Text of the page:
The "true champion"? Is that what you're worried about? Put your mind at ease, Ms Ormsby.
Viewers have already proven they have no trouble distinguishing between categories of athletes. No one says, Ooo, two gold medals were awarded, one to Cindy Klassen and one to Enrico Fabris, which is the true champion? We all manage to follow the concept that there are different events. Gee, is the gold medalist in the team pursuit the true champion, or is it the 5,000 metre?
If viewers can distinguish between short track, long track, team pursuit, luge, skeleton, two-person bobsled, four-person bobsled, and whatever else, they'll be able to distinguish between monoskiers, amputee skiers and blind skiers.
No one is suggesting that every classification of disability in every sport must be televised. But if North American viewers watch blind skiing, or amputee skiing, or sled hockey, they'll know who the champions are - because they'll know who won.
Disabled sport in general also suffers from a dearth of competition.
The best example of this is the remarkable success of Canadian wheelchair athlete Chantal Petitclerc. At 36 years old - an age when many athletes' best days are behind them - Petitclerc currently holds every world record from the 100 metres to the 1,500, strongly suggesting her competitive fields are shallow.
Ms Ormsby, I don't know what you do know about, but whatever it is, write about that.
Wheelchair athletes have a greater longevity than standing athletes because of the nature of their sports: they don't wear out their knees. The elbows, shoulders and wrists of wheelchair racers don't take the constant pounding that the knees of able-bodied runners do.
Chantal Petitclerc is a great athlete, but she does not hold all the world records for women's wheelchair racers! Where does Ormsby come up with that one? Does she mean for Canadian female athletes? I'm not sure. But it's not true.
[Late addition: I just figured out what Ormsby must mean. Petitclerc won an astounding five gold medals in the 2004 Paralympics. She does not hold the world record in every distance she won.]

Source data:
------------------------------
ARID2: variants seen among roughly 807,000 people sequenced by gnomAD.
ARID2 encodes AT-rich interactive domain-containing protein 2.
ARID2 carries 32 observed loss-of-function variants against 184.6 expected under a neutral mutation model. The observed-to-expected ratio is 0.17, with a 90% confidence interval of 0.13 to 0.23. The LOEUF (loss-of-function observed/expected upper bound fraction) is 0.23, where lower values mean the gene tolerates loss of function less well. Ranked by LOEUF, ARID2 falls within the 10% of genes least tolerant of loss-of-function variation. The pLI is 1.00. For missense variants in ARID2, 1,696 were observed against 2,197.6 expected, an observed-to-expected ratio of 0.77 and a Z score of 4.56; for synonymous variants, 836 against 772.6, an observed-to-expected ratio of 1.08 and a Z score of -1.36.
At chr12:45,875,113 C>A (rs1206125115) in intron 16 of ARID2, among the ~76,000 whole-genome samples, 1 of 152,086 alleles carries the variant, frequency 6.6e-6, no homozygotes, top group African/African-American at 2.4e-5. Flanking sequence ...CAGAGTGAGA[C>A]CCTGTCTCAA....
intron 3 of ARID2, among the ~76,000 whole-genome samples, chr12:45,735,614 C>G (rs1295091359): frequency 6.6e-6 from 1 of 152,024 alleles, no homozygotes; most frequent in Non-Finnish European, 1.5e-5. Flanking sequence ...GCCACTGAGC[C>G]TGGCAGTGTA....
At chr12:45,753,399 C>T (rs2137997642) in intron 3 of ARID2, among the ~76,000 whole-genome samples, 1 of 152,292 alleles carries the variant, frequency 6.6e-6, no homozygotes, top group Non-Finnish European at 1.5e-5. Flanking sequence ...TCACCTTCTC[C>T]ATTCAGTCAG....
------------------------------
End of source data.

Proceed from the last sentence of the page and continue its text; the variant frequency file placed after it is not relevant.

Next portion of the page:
There is a discrepancy between male and female athletes in the sport of wheelchair racing; the men have more competition. The female side is well developed, but not as much as the men. So using Petitclerc as an example twists the evidence to suit the outcome. I thought Ormsby was writing about Torino and Vancouver? If you throw in the Summer Paralympics, she doesn't have a leg to stand on.
You cannot create the illusion that the Paralympics are on par with the Olympics and suggest that not believing this constitutes prejudice.
Nor can you create the illusion that people don't care about something when your only evidence is that you say so.
Not paying rapt attention to sledge hockey is not a moral failing of Canadians.
A moral failing? No.
An exciting, compelling sport that they're missing because of a lack of media coverage? Yes. People who love hockey will probably love sled hockey. I'd be willing to bet on it.
Sports viewership changes over time, and public taste can be shaped by exposure. Once upon a time, the three major sports in the US were baseball, boxing and horse racing. (If you don't believe me, look at the sports pages of any newspaper from the first part of the 20th Century.) Once upon a time, millions of people in the US did not live and die with college basketball tournaments. Once upon a time, golf was not a huge spectator sport - or auto racing.
Many people who don't even watch sports watch the Olympics. Why should we assume the same people wouldn't tune in to the Paralympics?
It just means in this country of many choices, where Canadians choose to send Olympians and Paralympians around the globe to compete, we don't need to be told whom to cheer.
I agree. No one should be told for whom to cheer. We should be exposed to all the international athletes, the elite, the best of the best, and decide for ourselves if they're worth our time.
* * * *
For another response to Ormsby's column, go here. Go, read. It's good.